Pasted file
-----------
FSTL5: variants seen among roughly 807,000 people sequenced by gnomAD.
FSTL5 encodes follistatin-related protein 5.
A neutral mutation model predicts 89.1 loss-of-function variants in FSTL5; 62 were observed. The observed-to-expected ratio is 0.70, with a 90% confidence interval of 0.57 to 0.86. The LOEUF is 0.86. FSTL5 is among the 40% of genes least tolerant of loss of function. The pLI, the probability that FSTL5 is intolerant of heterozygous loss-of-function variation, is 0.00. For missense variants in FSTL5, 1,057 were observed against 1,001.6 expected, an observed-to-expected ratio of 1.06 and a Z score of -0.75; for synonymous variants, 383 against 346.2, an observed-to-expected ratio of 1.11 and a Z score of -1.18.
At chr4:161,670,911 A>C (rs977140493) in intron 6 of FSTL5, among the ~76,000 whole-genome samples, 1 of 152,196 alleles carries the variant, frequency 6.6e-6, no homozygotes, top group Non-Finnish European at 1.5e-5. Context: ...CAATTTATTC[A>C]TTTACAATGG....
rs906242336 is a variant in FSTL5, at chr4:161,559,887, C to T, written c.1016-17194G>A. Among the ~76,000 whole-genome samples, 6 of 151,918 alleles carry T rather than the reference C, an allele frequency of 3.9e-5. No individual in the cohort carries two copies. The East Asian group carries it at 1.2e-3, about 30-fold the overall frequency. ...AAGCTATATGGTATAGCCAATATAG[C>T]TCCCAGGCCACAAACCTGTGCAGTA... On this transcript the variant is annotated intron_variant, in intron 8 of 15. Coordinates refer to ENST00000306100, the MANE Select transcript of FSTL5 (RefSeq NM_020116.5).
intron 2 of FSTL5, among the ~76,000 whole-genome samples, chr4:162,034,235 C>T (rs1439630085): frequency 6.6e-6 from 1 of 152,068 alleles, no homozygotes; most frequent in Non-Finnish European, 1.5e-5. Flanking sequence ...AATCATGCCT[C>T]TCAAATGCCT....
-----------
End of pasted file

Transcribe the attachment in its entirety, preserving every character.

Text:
FSTL5: variants seen among roughly 807,000 people sequenced by gnomAD.
FSTL5 encodes follistatin-related protein 5.
A neutral mutation model predicts 89.1 loss-of-function variants in FSTL5; 62 were observed. The observed-to-expected ratio is 0.70, with a 90% confidence interval of 0.57 to 0.86. The LOEUF is 0.86. FSTL5 is among the 40% of genes least tolerant of loss of function. The pLI, the probability that FSTL5 is intolerant of heterozygous loss-of-function variation, is 0.00. For missense variants in FSTL5, 1,057 were observed against 1,001.6 expected, an observed-to-expected ratio of 1.06 and a Z score of -0.75; for synonymous variants, 383 against 346.2, an observed-to-expected ratio of 1.11 and a Z score of -1.18.
At chr4:161,670,911 A>C (rs977140493) in intron 6 of FSTL5, among the ~76,000 whole-genome samples, 1 of 152,196 alleles carries the variant, frequency 6.6e-6, no homozygotes, top group Non-Finnish European at 1.5e-5. Context: ...CAATTTATTC[A>C]TTTACAATGG....
rs906242336 is a variant in FSTL5, at chr4:161,559,887, C to T, written c.1016-17194G>A. Among the ~76,000 whole-genome samples, 6 of 151,918 alleles carry T rather than the reference C, an allele frequency of 3.9e-5. No individual in the cohort carries two copies. The East Asian group carries it at 1.2e-3, about 30-fold the overall frequency. ...AAGCTATATGGTATAGCCAATATAG[C>T]TCCCAGGCCACAAACCTGTGCAGTA... On this transcript the variant is annotated intron_variant, in intron 8 of 15. Coordinates refer to ENST00000306100, the MANE Select transcript of FSTL5 (RefSeq NM_020116.5).
intron 2 of FSTL5, among the ~76,000 whole-genome samples, chr4:162,034,235 C>T (rs1439630085): frequency 6.6e-6 from 1 of 152,068 alleles, no homozygotes; most frequent in Non-Finnish European, 1.5e-5. Flanking sequence ...AATCATGCCT[C>T]TCAAATGCCT....